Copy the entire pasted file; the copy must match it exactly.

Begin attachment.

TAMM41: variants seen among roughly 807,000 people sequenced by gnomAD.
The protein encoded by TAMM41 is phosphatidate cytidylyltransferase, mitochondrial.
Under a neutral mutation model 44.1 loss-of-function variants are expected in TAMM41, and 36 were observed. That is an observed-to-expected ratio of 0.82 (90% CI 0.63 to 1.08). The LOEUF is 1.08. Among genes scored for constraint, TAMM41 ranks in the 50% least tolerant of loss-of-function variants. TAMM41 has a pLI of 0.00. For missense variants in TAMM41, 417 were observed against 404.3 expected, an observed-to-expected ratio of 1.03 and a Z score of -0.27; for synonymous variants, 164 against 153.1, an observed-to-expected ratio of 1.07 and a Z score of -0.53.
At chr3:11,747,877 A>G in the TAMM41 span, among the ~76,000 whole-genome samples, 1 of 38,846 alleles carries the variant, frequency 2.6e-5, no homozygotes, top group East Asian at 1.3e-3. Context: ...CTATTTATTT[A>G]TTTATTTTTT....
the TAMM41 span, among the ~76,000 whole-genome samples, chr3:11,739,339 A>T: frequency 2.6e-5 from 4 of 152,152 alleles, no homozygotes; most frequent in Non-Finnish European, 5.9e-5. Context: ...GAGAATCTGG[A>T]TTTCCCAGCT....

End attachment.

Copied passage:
TAMM41: variants seen among roughly 807,000 people sequenced by gnomAD.
The protein encoded by TAMM41 is phosphatidate cytidylyltransferase, mitochondrial.
Under a neutral mutation model 44.1 loss-of-function variants are expected in TAMM41, and 36 were observed. That is an observed-to-expected ratio of 0.82 (90% CI 0.63 to 1.08). The LOEUF is 1.08. Among genes scored for constraint, TAMM41 ranks in the 50% least tolerant of loss-of-function variants. TAMM41 has a pLI of 0.00. For missense variants in TAMM41, 417 were observed against 404.3 expected, an observed-to-expected ratio of 1.03 and a Z score of -0.27; for synonymous variants, 164 against 153.1, an observed-to-expected ratio of 1.07 and a Z score of -0.53.
At chr3:11,747,877 A>G in the TAMM41 span, among the ~76,000 whole-genome samples, 1 of 38,846 alleles carries the variant, frequency 2.6e-5, no homozygotes, top group East Asian at 1.3e-3. Context: ...CTATTTATTT[A>G]TTTATTTTTT....
the TAMM41 span, among the ~76,000 whole-genome samples, chr3:11,739,339 A>T: frequency 2.6e-5 from 4 of 152,152 alleles, no homozygotes; most frequent in Non-Finnish European, 5.9e-5. Context: ...GAGAATCTGG[A>T]TTTCCCAGCT....